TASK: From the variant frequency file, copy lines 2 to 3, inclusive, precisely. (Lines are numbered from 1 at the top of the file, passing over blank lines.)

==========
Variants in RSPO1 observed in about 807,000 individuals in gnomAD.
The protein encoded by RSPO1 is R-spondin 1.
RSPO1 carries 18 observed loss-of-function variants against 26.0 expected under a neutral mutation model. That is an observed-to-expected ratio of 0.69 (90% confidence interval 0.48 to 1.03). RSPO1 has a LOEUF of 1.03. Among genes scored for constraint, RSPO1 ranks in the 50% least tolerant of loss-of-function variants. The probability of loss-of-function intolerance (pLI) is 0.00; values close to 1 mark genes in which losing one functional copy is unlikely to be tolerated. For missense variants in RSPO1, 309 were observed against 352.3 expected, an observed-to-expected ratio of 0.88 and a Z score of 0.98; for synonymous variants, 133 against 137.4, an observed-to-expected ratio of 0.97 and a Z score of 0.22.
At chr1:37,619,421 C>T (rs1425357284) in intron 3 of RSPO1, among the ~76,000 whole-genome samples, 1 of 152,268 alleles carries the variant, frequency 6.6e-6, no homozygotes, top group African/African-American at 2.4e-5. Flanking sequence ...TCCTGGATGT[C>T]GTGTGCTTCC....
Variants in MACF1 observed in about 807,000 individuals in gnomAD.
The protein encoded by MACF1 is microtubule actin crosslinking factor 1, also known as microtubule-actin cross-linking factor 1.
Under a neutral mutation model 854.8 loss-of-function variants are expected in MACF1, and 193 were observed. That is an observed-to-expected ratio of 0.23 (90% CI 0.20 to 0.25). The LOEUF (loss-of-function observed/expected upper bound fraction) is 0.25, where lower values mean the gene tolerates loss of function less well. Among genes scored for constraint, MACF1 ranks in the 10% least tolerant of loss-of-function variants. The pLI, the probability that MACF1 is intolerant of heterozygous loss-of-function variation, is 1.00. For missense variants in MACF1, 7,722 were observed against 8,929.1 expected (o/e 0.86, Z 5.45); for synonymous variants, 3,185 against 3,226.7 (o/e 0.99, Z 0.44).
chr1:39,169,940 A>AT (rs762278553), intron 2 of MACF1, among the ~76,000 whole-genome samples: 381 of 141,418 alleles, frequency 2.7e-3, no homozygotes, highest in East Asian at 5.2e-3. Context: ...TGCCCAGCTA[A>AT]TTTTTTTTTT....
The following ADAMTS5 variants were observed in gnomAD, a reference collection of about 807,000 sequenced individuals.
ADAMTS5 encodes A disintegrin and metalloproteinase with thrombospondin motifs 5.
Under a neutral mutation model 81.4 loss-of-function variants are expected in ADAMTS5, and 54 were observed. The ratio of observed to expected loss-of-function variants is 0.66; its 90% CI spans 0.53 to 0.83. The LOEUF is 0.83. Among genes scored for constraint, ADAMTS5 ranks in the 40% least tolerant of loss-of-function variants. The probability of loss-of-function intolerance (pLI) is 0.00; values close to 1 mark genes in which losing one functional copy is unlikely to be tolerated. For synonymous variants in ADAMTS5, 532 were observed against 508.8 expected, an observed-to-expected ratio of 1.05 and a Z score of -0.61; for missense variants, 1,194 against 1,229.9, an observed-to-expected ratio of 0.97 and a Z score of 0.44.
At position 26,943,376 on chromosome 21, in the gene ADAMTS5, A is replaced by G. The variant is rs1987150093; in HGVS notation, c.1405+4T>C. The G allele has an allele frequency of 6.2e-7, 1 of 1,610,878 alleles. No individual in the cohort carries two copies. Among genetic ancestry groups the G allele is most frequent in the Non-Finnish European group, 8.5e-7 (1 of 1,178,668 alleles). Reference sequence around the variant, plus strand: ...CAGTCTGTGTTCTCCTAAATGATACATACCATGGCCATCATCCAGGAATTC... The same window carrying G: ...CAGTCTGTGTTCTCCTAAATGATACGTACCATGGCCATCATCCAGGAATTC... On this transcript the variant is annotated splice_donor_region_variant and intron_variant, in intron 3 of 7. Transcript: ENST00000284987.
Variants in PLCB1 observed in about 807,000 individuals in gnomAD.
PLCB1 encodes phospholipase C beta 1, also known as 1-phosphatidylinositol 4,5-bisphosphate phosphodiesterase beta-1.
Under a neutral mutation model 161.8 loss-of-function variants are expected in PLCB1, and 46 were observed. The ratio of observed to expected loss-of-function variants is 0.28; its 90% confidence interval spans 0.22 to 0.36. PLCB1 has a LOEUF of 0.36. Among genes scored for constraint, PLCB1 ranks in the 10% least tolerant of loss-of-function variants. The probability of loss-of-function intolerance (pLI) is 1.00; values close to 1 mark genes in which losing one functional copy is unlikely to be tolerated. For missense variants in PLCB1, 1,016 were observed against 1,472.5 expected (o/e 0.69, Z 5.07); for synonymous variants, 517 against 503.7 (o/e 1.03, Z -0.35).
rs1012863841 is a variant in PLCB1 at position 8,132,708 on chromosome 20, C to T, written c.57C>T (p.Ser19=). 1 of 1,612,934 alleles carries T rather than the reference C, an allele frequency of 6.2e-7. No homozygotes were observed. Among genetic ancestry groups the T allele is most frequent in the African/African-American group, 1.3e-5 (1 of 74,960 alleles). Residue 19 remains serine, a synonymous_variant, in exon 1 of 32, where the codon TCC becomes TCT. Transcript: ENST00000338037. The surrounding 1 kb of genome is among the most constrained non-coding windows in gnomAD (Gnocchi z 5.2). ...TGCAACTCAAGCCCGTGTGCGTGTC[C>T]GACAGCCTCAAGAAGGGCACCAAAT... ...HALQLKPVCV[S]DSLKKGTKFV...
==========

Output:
The protein encoded by RSPO1 is R-spondin 1.
RSPO1 carries 18 observed loss-of-function variants against 26.0 expected under a neutral mutation model. That is an observed-to-expected ratio of 0.69 (90% confidence interval 0.48 to 1.03). RSPO1 has a LOEUF of 1.03. Among genes scored for constraint, RSPO1 ranks in the 50% least tolerant of loss-of-function variants. The probability of loss-of-function intolerance (pLI) is 0.00; values close to 1 mark genes in which losing one functional copy is unlikely to be tolerated. For missense variants in RSPO1, 309 were observed against 352.3 expected, an observed-to-expected ratio of 0.88 and a Z score of 0.98; for synonymous variants, 133 against 137.4, an observed-to-expected ratio of 0.97 and a Z score of 0.22.